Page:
A four panel comic
“The Mouse in the Museum” comic follows a mouse residing in The Peale museum. The mouse descends from a long line of mice, including a great-grandmother who lived in the Philadelphia home of Charles Willson Peale, an artist and collector who transformed his personal gallery into a public museum.

VCU professor uses 3D to bring life – and accessibility – to upcoming museum exhibit

Bernard Means and his Virtual Curation Laboratory are re-creating mastodon fossils for a historic Baltimore museum’s tactile display, along with a new comic that puts the ‘Mouse’ in the house.

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Museums have long been places of reverence with one defining credo: Look, but don’t touch. But for one Virginia Commonwealth University professor, the mission is to turn the sacrosanct into something more approachable.

Bernard Means, Ph.D., a teaching associate professor of anthropology in the School of World Studies in the College of Humanities and Sciences, directs the Virtual Curation Laboratory, where he and his students create 3D digital models of historical, archaeological and paleontological objects. The lab is a maze of unique pieces, from re-created archaeological findings to a copy of a human-sized mastodon tusk.

For one ongoing project, the team has 3D-scanned and replicated mastodon fossils, some of which belonged to Benjamin Franklin and others that were excavated by 18th-century naturalist and painter Charles Willson Peale. The Peale, a historic museum in Baltimore, will display the fossils in an accessible exhibit for individuals who are blind or have vision impairment.

Means was approached by a curator who works with the museum to develop an exhibit around the “Founding Monsters comic, which the lab published in 2021. The comic, the lab’s first, tells the story of the nation’s Founding Fathers and their obsession with prehistoric megafauna such as mastodons, an obsession Peale shared.

The exhibit, which is slated to open in May, will have a strong tactile component, with items replicated through 3D printing as well as audio elements. Sculptures based on scenes in the comic were created for the exhibit by Anna Carter, a senior anthropology major in the School of World Studies, and then 3D-scanned and printed.

To supplement the exhibit, Means and graphic artist Maggie Colangelo, who received bachelor’s degrees in communication arts and environmental studies from VCU in 2022, collaborated on a new comic book, “The Mouse in the Museum,” which details the history of the original Peale museum in Philadelphia and many of its artifacts.

“Comics are incredibly accessible,” said Colangelo, describing comics as easy to read, easy to digest and available for a wide audience. “They’re useful in that children are more likely to want to read them.”

Colangelo and Means have now created five comics together, all of which were created with the idea of fitting into a teacher’s classroom curriculum. All of the comics are available to download online.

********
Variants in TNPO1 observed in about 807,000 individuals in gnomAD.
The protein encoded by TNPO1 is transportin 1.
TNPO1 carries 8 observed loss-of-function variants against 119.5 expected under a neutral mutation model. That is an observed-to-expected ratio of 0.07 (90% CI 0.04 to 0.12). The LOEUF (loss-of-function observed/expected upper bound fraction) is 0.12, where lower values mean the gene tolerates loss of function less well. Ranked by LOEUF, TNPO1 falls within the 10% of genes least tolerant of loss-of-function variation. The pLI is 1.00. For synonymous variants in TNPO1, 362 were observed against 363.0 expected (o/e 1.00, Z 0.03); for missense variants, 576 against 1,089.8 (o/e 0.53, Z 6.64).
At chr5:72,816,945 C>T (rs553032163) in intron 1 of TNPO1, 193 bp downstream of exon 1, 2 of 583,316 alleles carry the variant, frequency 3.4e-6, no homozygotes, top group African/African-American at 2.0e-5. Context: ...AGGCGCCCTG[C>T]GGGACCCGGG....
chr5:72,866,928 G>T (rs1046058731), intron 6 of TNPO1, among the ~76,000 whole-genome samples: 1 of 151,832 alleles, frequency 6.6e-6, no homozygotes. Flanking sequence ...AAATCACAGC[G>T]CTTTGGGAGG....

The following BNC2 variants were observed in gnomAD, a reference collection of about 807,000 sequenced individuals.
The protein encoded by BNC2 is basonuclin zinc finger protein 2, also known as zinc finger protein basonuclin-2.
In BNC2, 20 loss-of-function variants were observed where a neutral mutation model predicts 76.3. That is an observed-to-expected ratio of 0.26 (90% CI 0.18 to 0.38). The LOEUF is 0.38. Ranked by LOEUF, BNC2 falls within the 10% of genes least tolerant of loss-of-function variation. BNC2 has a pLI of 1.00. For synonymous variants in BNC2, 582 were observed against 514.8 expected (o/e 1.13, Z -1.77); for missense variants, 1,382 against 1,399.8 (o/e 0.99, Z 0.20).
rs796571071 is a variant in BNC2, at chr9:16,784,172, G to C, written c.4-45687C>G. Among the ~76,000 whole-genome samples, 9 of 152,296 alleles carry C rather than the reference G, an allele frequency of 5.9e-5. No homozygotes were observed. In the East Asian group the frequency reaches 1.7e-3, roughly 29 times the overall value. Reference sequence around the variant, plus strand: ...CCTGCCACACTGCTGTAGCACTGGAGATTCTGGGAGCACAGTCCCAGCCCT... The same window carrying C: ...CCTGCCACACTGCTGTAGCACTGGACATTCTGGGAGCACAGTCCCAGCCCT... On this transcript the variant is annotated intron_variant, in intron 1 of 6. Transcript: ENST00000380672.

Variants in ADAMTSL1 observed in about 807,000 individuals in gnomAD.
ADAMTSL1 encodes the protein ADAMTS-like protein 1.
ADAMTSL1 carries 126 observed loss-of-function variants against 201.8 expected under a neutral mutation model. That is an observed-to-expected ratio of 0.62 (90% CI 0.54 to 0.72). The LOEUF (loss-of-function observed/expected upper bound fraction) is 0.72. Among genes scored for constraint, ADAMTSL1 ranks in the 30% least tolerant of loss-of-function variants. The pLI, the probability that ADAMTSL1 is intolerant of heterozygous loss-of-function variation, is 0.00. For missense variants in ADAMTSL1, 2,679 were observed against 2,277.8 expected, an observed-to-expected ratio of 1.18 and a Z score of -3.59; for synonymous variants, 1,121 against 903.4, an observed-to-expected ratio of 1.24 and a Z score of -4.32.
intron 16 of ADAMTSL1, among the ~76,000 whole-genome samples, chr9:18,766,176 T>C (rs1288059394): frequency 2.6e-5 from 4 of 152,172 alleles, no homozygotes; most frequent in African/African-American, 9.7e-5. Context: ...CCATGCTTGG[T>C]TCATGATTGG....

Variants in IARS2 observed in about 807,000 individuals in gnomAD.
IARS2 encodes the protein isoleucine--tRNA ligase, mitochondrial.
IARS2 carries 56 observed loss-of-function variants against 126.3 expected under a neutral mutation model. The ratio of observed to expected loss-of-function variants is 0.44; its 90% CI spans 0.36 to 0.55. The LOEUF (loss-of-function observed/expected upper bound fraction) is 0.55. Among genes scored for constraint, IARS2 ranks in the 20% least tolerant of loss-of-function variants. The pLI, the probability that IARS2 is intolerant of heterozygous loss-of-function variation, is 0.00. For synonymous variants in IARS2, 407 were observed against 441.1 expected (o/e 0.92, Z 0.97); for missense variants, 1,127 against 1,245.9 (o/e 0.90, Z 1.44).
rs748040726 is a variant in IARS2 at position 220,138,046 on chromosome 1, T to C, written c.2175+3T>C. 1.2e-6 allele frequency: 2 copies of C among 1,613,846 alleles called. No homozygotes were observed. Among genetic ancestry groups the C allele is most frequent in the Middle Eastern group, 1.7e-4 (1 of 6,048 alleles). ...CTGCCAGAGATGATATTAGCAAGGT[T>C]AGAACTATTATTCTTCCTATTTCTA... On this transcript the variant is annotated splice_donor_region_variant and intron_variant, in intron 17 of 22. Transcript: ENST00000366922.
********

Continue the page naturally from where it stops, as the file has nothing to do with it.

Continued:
In “Founding Monsters,” their first comic, “we make sure the Revolutionary War is mentioned, and we make sure that George Washington, Thomas Jefferson and Ben Franklin are in there,” Means said. “It’s a way of making the information that’s more accessible than a lot of the more scholarly resources.”

A book cover with an illustration of a mouse looking at a bird behind a glass case. Yellow text reads \"The Mouse in the Museum.\"
A new comic book, “The Mouse in the Museum,” a collaboration of Maggie Colangelo and Bernard Means, details the history of the original Peale museum in Philadelphia and many of its artifacts.

When Colangelo illustrated their newest 14-page comic, she drew on real-life references to shape the story. Even the titular mouse is inspired by a piece of Peale’s original collection, which exhibited a mouse skeleton alongside a mastodon skeleton, the museum’s pride and joy, for scale.

“It was sort of a joke but also to contrast the size,” Colangelo said. “I thought it would be good to have a mouse’s perspective on the museum.”

The story follows a mouse residing in The Peale. She descends from a long line of museum mice, including a great-grandmother who lived in the Philadelphia home of Peale, an artist and collector who transformed his personal gallery into a public museum. A sister museum was established in 1814 in Baltimore by Peale’s son, Rembrandt Peale, and is today known as The Peale.

Subtle hints to the Philadelphia museum’s history are included on every page. In one panel, a bear takes a swipe at a cringing monkey; in real life, a monkey housed in Peale’s collection lost an arm to a bear. Two bears were kept in the collection – but after one made a breakout attempt and got into the house, Peale had both taxidermied and put back on display.

For Colangelo, including those details can be one of the most fun parts of her work.

“For anybody who knows that part, and it’s not an unknown part for people to study, we’ll be able to point that out in the guide,” she said.

For these nods to historical events, the research is extensive. On the page where the bear breaks into the house, several Peale family members can be seen standing around, wondering what to do, which required Colangelo to cross-reference the year the bear broke into the house with the years of birth for Peale’s numerous kids.

“He had three wives and a lot of children,” she said. “So I had to go through and be like, ‘OK, who was alive at this point? Who was the baby right now? Who was there?’”

The attention to detail extends to the clothing worn by people featured in the comic, the architecture of the buildings and the animals in Peale’s menagerie.

“We try to make sure that the research is correct,” Means said. “So even though it’s a mouse telling the story, it’s all based on real things.”